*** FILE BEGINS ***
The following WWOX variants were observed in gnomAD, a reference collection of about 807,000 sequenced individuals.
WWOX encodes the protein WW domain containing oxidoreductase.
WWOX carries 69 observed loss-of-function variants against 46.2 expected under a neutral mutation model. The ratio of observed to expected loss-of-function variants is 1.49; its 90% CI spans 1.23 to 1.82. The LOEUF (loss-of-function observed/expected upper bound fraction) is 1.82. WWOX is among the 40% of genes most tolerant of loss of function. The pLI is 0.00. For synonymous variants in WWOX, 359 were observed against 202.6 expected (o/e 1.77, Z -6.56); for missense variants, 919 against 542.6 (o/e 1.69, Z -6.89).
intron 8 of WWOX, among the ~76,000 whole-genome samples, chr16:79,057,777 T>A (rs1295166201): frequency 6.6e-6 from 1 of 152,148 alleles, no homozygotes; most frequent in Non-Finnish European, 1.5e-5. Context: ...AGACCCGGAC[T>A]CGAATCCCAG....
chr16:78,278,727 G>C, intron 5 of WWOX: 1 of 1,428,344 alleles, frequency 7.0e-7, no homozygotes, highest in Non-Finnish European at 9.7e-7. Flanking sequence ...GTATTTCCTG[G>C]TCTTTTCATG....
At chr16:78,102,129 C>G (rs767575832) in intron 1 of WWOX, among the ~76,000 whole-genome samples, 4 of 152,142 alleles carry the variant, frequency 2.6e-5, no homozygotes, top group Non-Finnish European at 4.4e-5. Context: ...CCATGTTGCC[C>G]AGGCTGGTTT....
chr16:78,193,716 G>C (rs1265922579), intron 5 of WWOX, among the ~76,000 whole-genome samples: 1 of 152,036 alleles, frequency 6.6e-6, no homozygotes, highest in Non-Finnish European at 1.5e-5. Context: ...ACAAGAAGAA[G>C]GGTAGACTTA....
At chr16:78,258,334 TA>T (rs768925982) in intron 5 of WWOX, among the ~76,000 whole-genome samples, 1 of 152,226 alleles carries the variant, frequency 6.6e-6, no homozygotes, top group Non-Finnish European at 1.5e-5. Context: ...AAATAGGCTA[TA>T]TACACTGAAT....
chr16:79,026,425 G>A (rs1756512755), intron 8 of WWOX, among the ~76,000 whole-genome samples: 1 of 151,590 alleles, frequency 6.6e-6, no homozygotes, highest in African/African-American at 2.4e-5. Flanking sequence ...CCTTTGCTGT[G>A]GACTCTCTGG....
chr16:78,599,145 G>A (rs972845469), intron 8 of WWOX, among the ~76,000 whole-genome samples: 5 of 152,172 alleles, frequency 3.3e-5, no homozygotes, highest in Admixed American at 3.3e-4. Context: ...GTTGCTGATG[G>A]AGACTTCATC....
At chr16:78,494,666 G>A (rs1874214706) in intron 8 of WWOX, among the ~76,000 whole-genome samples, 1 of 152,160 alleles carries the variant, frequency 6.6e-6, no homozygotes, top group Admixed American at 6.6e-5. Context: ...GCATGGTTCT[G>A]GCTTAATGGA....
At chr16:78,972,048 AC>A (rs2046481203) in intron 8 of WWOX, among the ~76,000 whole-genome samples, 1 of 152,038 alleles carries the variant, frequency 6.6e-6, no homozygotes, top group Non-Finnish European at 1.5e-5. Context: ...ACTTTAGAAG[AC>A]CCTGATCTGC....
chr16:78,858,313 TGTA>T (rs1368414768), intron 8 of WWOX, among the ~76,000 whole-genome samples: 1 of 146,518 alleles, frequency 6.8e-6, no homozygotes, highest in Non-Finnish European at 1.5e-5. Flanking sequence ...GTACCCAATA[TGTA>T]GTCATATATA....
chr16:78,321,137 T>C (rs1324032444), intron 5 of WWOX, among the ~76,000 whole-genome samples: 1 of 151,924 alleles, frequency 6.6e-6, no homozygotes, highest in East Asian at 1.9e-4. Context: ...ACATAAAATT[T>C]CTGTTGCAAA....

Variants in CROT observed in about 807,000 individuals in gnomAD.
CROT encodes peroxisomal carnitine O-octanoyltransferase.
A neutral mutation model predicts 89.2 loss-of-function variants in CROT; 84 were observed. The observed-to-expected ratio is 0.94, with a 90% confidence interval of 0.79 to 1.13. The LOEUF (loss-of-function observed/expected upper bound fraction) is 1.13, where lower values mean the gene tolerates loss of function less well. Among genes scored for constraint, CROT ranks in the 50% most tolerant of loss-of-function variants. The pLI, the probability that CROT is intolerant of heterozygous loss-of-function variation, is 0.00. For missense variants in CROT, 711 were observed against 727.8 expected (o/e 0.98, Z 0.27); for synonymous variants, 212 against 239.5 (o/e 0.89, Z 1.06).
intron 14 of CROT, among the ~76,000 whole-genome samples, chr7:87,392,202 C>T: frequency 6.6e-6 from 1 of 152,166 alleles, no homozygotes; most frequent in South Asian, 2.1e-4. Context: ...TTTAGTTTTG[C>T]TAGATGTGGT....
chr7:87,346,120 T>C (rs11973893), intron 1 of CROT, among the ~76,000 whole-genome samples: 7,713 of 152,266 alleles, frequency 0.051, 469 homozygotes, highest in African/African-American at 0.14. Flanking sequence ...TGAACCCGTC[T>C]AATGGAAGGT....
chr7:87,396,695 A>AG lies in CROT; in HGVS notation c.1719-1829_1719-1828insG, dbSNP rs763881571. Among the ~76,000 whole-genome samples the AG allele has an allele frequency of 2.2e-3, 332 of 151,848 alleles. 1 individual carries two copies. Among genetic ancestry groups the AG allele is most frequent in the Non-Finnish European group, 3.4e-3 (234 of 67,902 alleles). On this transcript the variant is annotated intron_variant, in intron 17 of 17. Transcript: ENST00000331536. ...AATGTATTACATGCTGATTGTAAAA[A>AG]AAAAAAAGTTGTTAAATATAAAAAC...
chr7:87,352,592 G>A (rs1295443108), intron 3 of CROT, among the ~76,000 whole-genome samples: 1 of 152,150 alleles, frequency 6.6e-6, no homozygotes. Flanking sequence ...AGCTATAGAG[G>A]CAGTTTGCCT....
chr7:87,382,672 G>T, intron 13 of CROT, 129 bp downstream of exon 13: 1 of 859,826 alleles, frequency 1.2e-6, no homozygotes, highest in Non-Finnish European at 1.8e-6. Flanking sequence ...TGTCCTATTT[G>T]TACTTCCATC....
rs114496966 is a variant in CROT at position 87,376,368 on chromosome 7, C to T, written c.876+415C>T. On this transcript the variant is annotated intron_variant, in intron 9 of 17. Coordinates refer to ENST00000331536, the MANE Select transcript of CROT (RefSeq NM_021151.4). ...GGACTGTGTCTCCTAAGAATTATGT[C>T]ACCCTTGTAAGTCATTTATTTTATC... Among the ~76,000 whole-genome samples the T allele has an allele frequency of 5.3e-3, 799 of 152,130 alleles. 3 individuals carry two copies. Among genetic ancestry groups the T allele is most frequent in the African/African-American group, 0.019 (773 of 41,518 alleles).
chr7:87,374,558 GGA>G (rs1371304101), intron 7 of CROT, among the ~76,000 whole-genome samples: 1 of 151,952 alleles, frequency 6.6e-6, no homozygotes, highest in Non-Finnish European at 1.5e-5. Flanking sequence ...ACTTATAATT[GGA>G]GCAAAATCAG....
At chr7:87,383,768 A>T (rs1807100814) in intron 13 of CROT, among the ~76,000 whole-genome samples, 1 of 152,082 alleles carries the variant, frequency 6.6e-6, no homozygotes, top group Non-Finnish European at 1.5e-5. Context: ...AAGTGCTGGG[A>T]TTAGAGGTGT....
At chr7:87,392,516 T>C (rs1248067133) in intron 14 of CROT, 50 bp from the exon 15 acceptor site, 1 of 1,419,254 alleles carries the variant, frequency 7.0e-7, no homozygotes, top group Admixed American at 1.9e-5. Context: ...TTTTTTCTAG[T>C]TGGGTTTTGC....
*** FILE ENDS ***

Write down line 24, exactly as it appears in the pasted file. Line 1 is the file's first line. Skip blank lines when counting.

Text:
chr7:87,374,558 GGA>G (rs1371304101), intron 7 of CROT, among the ~76,000 whole-genome samples: 1 of 151,952 alleles, frequency 6.6e-6, no homozygotes, highest in Non-Finnish European at 1.5e-5. Flanking sequence ...ACTTATAATT[GGA>G]GCAAAATCAG....